Bryce sidelined ... by injury

Touted freshman tailback Bryce Brown was pulled from the field 20 minutes into Tennessee's Thursday football practice - not by the NCAA for an eligibility issue but by head coach Lane Kiffin for an injury issue.

Brown missed the last half of Monday's practice and all of Tuesday's due to a hip/leg injury. After resting on a no-practice Wednesday, he returned to action today ... but only for a few minutes.

"He came out, went through a little bit of individual (work)," Kiffin said. "You could tell he couldn't move very well on it, so we pulled him at that point.

"I hoped after a day off yesterday he was going to come back and be able to practice full-speed today, and he wasn't. Tomorrow's walk-through we'll monitor him, try to move him around a little bit, see if he's able to go Saturday (in the final full-scale scrimmage)."

Brown's injury may not be as serious as the eligibility matter he's facing. The NCAA reportedly wants him to sit out the Sept. 5 opener vs. Western Kentucky and pay restitution for a tour of college campuses he took as a sophomore at Wichita East High School. Tennessee, while not publicly acknowledging the penalty, is appealing to the NCAA.

Because Brown might not be eligible for the opener, Vol coaches may have to start limiting his practice repetitions to make sure the other tailbacks get plenty of work.

"Sure we do," Kiffin said. "We've already put in stuff for him that we're going to run in the first couple of games of the year. There comes a point where we obviously need to know (if he's available or not) because that affects our team and our offense if we're giving him plays and reps that, if he's not going to be there, we need to give to somebody else."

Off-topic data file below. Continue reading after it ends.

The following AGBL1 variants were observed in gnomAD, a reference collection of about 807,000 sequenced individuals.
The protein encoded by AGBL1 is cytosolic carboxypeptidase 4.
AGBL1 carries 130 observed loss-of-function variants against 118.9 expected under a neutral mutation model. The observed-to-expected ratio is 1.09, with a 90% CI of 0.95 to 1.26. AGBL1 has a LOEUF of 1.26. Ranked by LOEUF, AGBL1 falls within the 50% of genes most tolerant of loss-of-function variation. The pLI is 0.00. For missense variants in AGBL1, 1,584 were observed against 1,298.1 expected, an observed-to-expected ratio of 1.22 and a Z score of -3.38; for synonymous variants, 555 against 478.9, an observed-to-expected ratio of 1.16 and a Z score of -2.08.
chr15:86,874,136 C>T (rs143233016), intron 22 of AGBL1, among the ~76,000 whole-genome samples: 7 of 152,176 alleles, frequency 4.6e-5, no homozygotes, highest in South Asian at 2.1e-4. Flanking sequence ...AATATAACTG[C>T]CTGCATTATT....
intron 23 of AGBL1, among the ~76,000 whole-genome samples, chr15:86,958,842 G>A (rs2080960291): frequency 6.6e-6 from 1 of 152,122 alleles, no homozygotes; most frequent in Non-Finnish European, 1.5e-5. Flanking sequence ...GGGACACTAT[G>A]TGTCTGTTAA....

Asked how Brown is handling the distraction of the NCAA eligibility matter, Kiffin shrugged.

"I think he's doing OK," the head man said. "I don't know how a senior would deal with it very well ... let alone a freshman."

Complicating matters is the fact that Brown is ultra-serious about football. It is more than just a game to him.

"Football is No. 1 to him," Kiffin said. "Being a great player is No. 1 to him.... This is a kid that trains every day of his life because he's so serious about being a great player. This is hard for him.... Right now it's in question to him if he's going to have taken away everything that he's worked for.

"We're working with him, and I'm hoping for the best."

Kiffin said Brad Bertani, who handles UT's compliance issues, is putting together a case to support Bryce Brown's appeal. That's essentially all the school can do at this point.

"It's consuming," Kiffin said. "It's on my mind all the time because I want what's best for the kid."

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